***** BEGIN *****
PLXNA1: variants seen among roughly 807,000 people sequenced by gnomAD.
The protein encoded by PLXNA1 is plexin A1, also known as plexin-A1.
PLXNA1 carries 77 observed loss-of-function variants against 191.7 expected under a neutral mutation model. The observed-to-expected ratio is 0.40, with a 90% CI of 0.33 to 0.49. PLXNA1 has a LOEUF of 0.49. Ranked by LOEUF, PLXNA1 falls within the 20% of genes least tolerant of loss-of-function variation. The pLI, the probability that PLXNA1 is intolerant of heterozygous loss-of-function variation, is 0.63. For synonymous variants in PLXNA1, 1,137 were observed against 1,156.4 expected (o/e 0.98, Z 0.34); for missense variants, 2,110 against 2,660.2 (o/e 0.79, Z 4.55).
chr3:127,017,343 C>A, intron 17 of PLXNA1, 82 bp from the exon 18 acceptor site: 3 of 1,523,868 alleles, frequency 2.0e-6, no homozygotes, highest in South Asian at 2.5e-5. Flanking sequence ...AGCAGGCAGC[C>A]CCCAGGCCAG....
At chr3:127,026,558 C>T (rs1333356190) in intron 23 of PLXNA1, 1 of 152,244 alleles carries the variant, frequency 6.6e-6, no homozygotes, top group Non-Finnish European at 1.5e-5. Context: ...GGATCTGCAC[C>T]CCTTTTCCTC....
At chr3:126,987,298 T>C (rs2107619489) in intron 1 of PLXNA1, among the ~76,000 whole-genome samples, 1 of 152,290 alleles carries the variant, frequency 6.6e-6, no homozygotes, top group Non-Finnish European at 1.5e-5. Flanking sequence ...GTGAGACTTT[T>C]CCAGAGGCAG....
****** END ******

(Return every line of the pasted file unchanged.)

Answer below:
PLXNA1: variants seen among roughly 807,000 people sequenced by gnomAD.
The protein encoded by PLXNA1 is plexin A1, also known as plexin-A1.
PLXNA1 carries 77 observed loss-of-function variants against 191.7 expected under a neutral mutation model. The observed-to-expected ratio is 0.40, with a 90% CI of 0.33 to 0.49. PLXNA1 has a LOEUF of 0.49. Ranked by LOEUF, PLXNA1 falls within the 20% of genes least tolerant of loss-of-function variation. The pLI, the probability that PLXNA1 is intolerant of heterozygous loss-of-function variation, is 0.63. For synonymous variants in PLXNA1, 1,137 were observed against 1,156.4 expected (o/e 0.98, Z 0.34); for missense variants, 2,110 against 2,660.2 (o/e 0.79, Z 4.55).
chr3:127,017,343 C>A, intron 17 of PLXNA1, 82 bp from the exon 18 acceptor site: 3 of 1,523,868 alleles, frequency 2.0e-6, no homozygotes, highest in South Asian at 2.5e-5. Flanking sequence ...AGCAGGCAGC[C>A]CCCAGGCCAG....
At chr3:127,026,558 C>T (rs1333356190) in intron 23 of PLXNA1, 1 of 152,244 alleles carries the variant, frequency 6.6e-6, no homozygotes, top group Non-Finnish European at 1.5e-5. Context: ...GGATCTGCAC[C>T]CCTTTTCCTC....
At chr3:126,987,298 T>C (rs2107619489) in intron 1 of PLXNA1, among the ~76,000 whole-genome samples, 1 of 152,290 alleles carries the variant, frequency 6.6e-6, no homozygotes, top group Non-Finnish European at 1.5e-5. Flanking sequence ...GTGAGACTTT[T>C]CCAGAGGCAG....